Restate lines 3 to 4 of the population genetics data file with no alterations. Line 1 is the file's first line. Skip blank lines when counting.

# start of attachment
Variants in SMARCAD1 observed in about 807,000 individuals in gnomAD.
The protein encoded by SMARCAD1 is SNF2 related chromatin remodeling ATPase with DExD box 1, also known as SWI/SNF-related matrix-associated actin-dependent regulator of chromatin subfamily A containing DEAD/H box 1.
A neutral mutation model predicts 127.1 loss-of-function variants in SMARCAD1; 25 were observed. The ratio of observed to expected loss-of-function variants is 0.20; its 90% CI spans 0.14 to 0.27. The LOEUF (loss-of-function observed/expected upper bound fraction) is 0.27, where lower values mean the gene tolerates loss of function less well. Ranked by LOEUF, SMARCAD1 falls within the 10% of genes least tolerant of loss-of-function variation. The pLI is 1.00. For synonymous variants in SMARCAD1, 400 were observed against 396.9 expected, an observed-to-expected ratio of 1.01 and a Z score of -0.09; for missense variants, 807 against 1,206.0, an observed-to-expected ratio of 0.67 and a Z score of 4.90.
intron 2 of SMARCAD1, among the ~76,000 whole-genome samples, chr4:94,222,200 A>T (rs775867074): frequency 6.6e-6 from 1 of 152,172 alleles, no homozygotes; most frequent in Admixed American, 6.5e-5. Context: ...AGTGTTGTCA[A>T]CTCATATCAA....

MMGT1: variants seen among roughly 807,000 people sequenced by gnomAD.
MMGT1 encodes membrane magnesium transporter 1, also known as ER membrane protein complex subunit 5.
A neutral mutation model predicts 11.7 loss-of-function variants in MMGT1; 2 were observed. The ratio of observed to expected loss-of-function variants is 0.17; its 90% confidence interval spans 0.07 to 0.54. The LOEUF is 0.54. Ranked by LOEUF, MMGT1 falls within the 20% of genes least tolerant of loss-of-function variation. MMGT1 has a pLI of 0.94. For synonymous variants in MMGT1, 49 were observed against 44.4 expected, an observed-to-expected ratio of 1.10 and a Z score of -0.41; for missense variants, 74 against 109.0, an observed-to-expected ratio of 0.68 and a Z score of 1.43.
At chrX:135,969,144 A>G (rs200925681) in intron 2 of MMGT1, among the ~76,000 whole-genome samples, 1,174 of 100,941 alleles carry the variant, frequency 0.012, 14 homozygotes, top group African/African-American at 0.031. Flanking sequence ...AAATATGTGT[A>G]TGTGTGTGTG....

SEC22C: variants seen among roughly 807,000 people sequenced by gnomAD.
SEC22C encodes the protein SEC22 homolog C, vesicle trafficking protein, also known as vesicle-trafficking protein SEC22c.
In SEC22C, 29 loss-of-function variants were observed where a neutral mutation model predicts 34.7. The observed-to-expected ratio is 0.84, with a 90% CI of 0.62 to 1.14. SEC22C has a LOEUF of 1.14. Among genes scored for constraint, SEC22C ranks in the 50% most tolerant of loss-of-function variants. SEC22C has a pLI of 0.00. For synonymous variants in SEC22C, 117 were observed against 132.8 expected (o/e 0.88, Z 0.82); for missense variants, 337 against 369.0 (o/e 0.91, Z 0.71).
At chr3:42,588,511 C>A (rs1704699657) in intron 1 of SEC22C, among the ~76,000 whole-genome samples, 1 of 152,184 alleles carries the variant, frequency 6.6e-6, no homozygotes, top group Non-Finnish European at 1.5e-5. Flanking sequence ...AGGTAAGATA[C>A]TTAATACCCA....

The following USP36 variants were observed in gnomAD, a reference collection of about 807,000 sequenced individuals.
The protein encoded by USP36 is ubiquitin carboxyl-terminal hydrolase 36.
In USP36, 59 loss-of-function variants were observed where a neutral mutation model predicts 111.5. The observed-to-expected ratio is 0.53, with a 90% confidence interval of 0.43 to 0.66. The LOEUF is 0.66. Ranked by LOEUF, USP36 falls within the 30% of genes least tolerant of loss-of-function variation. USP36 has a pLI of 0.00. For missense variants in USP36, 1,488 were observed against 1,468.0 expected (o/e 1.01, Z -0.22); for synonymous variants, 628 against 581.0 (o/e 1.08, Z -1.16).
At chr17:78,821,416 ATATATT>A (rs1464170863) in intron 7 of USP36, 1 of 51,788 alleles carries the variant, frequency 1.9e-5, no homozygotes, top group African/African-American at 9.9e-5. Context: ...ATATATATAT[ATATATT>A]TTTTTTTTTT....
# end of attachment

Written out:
A neutral mutation model predicts 127.1 loss-of-function variants in SMARCAD1; 25 were observed. The ratio of observed to expected loss-of-function variants is 0.20; its 90% CI spans 0.14 to 0.27. The LOEUF (loss-of-function observed/expected upper bound fraction) is 0.27, where lower values mean the gene tolerates loss of function less well. Ranked by LOEUF, SMARCAD1 falls within the 10% of genes least tolerant of loss-of-function variation. The pLI is 1.00. For synonymous variants in SMARCAD1, 400 were observed against 396.9 expected, an observed-to-expected ratio of 1.01 and a Z score of -0.09; for missense variants, 807 against 1,206.0, an observed-to-expected ratio of 0.67 and a Z score of 4.90.
intron 2 of SMARCAD1, among the ~76,000 whole-genome samples, chr4:94,222,200 A>T (rs775867074): frequency 6.6e-6 from 1 of 152,172 alleles, no homozygotes; most frequent in Admixed American, 6.5e-5. Context: ...AGTGTTGTCA[A>T]CTCATATCAA....